Exploring the Zentangle®

Earlier this week I wrote about quick options to help freshen up your existing box of stationery with Handdrawn flower doodles – to enhance your note paper and envelopes.  Today we are looking at doodles at a whole new level…

Today we are looking at the Zentangle®.  

Who knew there were actual pattern names for different types of doodles when putting into a Zentangle !?

In 2010 I first became aware of Zentangles – signing up for a several week class in March 2010 at a local community art class.   Prior to starting the class I had already gotten two workbooks: Zentangle Basics and Zentangle 2 – both by Suzanne McNeill.     The photo upper left displayed today is of my second zentangle I did at class, it is dated March 27, 2010.

This is something that you could definitely apply to your handwritten notes and letters – or you could include one into your card/letter when you mail.

In checking around this week and confirming recent links, each of these confirmed my link choices as being current.  Here are some starting links for you if you want to explore further.

zentangle square
The photo enclosed of the Zentangle square is from what was given at that class I took.

Rick and Maria at Zentangle replied back that this is their correct link: https://www.zentangle.com/   “The Zentangle® art form and method was created by Rick Roberts and Maria Thomas and is copyrighted. Zentangle® is a registered trademark of Zentangle, Inc. Learn more at zentangle.com. ”  Here you will find a great starting point and wealth of information.  (On Twitter @zentangle)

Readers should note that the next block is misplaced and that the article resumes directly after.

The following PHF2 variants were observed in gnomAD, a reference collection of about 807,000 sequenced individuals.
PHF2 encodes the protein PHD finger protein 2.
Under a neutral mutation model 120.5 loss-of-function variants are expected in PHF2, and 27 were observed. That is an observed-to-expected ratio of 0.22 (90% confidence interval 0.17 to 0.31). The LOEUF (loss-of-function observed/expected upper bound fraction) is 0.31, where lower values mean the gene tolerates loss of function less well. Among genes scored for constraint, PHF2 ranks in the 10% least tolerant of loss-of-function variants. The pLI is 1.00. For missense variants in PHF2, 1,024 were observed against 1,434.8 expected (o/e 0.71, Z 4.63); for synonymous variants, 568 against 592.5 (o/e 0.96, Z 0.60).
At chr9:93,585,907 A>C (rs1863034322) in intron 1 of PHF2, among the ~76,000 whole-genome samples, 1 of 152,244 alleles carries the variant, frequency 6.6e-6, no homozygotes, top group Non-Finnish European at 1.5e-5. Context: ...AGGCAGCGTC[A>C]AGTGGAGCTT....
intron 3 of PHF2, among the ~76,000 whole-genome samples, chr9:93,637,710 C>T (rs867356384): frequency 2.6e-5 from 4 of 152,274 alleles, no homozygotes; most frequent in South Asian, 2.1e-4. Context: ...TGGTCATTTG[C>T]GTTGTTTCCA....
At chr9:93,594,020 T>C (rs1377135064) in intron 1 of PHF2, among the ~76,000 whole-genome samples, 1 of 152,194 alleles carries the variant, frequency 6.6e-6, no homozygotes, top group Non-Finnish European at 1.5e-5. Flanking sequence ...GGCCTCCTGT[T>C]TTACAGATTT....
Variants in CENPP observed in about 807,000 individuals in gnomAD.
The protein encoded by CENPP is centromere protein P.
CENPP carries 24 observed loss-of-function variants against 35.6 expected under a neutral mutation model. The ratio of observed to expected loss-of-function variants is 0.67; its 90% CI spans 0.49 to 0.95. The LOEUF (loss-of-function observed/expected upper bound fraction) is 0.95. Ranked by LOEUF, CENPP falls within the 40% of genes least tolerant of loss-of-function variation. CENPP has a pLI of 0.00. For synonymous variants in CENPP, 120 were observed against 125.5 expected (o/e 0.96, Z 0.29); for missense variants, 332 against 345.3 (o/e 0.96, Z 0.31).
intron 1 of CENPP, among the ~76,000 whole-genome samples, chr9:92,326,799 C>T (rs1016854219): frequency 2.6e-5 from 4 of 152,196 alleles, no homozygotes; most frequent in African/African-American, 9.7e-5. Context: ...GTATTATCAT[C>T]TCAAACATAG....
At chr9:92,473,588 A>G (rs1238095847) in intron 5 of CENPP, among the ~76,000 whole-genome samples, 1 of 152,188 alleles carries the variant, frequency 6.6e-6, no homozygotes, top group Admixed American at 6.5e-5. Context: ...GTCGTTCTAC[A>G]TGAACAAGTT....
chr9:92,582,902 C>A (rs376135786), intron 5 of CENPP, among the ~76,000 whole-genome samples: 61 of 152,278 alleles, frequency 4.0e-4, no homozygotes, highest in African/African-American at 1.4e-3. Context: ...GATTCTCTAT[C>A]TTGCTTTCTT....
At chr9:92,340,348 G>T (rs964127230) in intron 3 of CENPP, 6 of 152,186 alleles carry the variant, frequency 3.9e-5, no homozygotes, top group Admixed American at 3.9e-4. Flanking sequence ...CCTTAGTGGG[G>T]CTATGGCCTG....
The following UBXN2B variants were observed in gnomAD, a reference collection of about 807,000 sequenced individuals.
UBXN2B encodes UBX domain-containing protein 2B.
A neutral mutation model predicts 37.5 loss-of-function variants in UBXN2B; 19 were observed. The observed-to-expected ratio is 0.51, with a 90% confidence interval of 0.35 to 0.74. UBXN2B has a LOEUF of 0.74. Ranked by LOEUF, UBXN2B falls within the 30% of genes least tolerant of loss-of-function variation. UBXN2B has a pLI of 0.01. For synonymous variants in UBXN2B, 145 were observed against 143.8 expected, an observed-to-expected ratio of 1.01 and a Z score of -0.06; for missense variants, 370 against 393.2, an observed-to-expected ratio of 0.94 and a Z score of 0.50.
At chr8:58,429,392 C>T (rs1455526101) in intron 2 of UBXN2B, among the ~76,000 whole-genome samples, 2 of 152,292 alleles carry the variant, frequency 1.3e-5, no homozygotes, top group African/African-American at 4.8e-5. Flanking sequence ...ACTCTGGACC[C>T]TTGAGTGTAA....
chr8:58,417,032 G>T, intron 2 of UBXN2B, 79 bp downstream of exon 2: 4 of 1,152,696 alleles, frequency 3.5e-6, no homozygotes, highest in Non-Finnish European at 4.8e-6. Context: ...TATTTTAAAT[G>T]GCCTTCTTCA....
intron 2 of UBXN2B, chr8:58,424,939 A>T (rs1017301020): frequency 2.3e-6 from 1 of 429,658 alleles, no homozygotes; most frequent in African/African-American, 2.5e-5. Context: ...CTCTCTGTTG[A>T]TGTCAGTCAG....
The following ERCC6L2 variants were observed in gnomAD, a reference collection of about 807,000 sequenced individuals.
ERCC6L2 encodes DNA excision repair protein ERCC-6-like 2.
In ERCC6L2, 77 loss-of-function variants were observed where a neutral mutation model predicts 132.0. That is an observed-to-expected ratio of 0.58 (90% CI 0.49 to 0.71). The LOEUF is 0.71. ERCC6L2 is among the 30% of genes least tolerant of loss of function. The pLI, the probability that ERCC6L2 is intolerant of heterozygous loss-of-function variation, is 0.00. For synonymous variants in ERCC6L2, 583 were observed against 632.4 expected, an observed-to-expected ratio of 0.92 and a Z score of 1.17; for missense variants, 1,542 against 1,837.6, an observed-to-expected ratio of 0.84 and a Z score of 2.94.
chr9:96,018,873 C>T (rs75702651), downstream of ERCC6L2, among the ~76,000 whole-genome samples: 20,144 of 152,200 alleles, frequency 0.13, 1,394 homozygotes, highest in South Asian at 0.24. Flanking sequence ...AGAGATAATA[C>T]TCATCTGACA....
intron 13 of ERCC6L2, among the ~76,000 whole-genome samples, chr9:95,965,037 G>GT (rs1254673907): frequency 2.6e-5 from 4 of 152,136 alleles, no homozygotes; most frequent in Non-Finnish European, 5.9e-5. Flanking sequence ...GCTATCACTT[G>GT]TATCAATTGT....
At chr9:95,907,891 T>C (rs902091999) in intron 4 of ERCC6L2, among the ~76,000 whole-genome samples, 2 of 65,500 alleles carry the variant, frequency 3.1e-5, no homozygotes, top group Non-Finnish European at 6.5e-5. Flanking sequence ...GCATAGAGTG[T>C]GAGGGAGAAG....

There is an entire new world – with  square cards – for you to sign and date on the lined side, and on the blank side to put pen to that paper.  There were small business card size blank cards too where people would exchange and collect.

AlphaTangle book
The “AlphaTangle” mini book by Sandy Steen Bartholomew – purchased in 2010 and still use it!

Sandy Steen Bartholomew – The “AlphaTangle” mini book from 2010 I bought from her etsy store.

Sandy was nice to reply and confirm this to be her preferred link:  http://www.sandysteenbartholomew.com/.   Be sure to see her blog too!

The book measures 4″ x 4″ and on each page is a letter of the alphabet with each having their own zentangle.  (On Twitter  @SandyBee)

In looking at other active sites, I came across Linda Farmer with TanglePatterns and she confirmed this is the recommended link: http://tanglepatterns.com/zentangles/what-is-a-zentangle.    Also, it was pointed out the official tiles and other basic Zentangle supplies are also available on her site in the STORE:   http://tanglepatterns.com/store/white-zentangle-tiles.  (On Twitter  @TanglePatterns)

One of the things I remember from class was I ended up ordering a zentangle dice – the idea being if you are stuck with which pattern to use next you could throw the dice and then use that numbered pattern with what is thrown as the result. What is appealing about this art form is with some simple steps and framework a person can get started right away and get as detailed as they wish to explore more techniques or dabble.  Thank you to Rick and Maria at Zentangle, Sandy Steen Bartholomew, and Linda Farmer with TanglePatterns for being so helpful in confirming their links with me.

Join me tomorrow as we continue with our theme this week of Writing Outside the Box!

Anchors Aweigh,  






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